The Raisin Girl asked this question ages ago:
I’d love to see more on budget style. I see a lot about budget style all over the internet, but the women writing these articles seem to have much larger budgets than me. I was raised to shop clearance, to buy cheaply even if you didn’t like what you bought as much. I’ve been talked out of many items of clothing that I LOVED and would have worn endlessly, simply because they were pricier. And the weird thing is, we weren’t badly off. I could have afforded those items, but I didn’t. Now that I’m working part-time and going to school, I don’t have much extra income, so it sucks that NOW is when I learn it’s not a crime to pay more than $20 for a good pair of jeans. So basically, how do gals budget-shop, when they’re REALLY on a tight budget?
It’s true that “budget style” means one thing to the average college student and something quite different to an InStyle editor. I’ve been alarmed to find that as my income creeps slowly upward, my idea of a “bargain” shifts and morphs. There was a time when I couldn’t fathom paying more than $40 for a pair of shoes. That time is long past.
But what about the women who can’t fathom paying more than $40 for a pair of shoes, right now, today? What about the ones who can’t afford any more than that? What’s a girl on a truly strict budget to do?
- Read the Budget Babe: Love the looks you see in the mags but choke when you see the price tags? The Budget Babe specializes in re-creating celeb looks for pennies on the dollar. And even if you don’t want to steal those outfits whole-cloth, seeing them rebuilt with affordable pieces is a great reminder that you needn’t spend big to look great.
- Invest in basics, skimp on accessories: It’s an old adage for a reason. If you love jeans and live in ‘em, fork over for a pair that fits perfectly and will last multiple years. Get a gorgeous cashmere sweater in a timeless style, and a crisp black work skirt that makes you feel amazing. But don’t fork over big bucks for accessories. You can purchase or make them for cheap, and if the foundation of your outfit is comprised of quality pieces, no one will be the wiser.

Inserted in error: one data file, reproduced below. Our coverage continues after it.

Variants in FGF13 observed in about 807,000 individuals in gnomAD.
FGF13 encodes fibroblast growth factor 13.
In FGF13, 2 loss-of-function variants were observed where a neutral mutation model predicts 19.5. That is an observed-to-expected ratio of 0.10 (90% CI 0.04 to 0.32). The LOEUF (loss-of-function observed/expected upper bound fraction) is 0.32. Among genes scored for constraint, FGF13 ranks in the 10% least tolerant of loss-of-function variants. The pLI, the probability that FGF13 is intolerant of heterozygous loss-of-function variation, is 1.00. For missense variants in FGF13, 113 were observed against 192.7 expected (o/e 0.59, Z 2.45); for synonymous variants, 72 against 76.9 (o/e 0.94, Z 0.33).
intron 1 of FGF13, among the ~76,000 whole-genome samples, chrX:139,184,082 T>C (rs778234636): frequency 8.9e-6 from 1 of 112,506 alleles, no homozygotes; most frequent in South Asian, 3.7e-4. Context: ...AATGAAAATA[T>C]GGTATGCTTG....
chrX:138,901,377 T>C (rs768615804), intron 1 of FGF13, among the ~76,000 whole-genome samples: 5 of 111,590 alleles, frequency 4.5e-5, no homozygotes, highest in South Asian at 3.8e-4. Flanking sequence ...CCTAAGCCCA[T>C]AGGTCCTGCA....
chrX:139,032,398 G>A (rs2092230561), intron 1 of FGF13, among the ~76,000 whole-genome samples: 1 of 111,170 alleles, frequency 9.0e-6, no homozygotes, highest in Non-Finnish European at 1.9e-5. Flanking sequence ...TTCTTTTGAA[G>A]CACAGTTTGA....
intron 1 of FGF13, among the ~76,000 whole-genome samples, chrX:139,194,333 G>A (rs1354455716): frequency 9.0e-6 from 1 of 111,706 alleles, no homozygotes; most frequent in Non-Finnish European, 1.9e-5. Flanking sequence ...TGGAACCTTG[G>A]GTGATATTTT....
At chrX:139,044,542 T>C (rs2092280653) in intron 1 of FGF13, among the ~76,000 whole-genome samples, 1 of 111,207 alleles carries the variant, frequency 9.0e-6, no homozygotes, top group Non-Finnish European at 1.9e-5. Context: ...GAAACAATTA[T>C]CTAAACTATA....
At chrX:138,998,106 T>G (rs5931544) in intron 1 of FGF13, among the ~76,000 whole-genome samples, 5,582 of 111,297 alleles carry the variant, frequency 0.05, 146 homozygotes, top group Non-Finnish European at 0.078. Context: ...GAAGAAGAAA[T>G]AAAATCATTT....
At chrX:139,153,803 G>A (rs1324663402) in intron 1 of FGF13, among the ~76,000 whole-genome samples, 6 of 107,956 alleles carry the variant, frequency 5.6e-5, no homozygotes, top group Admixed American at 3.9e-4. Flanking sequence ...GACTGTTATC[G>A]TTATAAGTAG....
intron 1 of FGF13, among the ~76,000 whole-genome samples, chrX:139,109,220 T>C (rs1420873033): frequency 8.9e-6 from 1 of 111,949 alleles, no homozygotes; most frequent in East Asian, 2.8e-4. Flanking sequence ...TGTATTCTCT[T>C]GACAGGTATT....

- Brave the crowds at outlet sales: Although outlet malls are great, outlet malls in the middle of a sale can be nightmarish. Totally worth it, though. Outlet products are made more cheaply than their mall counterparts, but many are still of decent quality. Find out when the sales start, arrive before the doors open, and learn to navigate the throngs.
- Visit Etsy: You’ll find vintage duds at rock-bottom prices and handmade goodies for a song. If you’ve got something specific in mind, hit Etsy first and see what a quick search yields.
- Search eBay: Although eBay is touted as a great place to find past season goods, you’d be amazed how many current season items can be bought for a fraction of retail. As always, check seller feedback … but consider eBay anytime you’re buying something online. ANYTIME.
In addition to changing your shopping and researching behavior, you can employ creative methods for procuring, altering, or creating stylish duds. A few tips can be found in my virtually free wardrobe makeover, but here are a few more:
- Thrift: In my opinion, the ultimate way to stay stylish when you’ve got limited funds is to thrift. Hit charity shops, garage sales, estate sales, and consignment shops. Are you a thrifting newbie? Here are my various thrifting how-to’s.
- Refashion: Need new shorts? Can you hack off a pair of pants you’ve already got? Want a new dress? What about hemming that maxi you never wear to knee length? Learn to see potential in the garments you already own, and make them work anew.
- Overdye: Spend $15 for four colors of dye, spend an afternoon pretending you’re a mad scientist, and voila. Faded tees and boring skirts have new life.
- Create: Learn to knit your own infinity scarves. Learn to sew your own skirts. Learn to make your own statement necklaces from what you have in the junk drawer. Materials and labor are at a premium, I know, but investing in a clothing- or accessory-making skill is well worth it.
- Style: The catalogs that land in your mailbox can provide endless inspiration, if you let them. Don’t focus on buying what they’re hawking, focus on re-creating the outfits they’ve so thoughtfully assembled for you. Learning to be a better and more creative stylist will help make dressing fun, even if you’re working with a limited wardrobe and a limited budget.
Image courtesy SomeDriftwood.
**Disclosure: Actions you take from the hyperlinks within this blog post may yield commissions for alreadypretty.com. See Already Pretty’s disclosure statement for more details. Sustainable options are either used, handmade, made in the U.S., artisan made in non-sweatshop conditions, or made using sustainable/fair trade practices.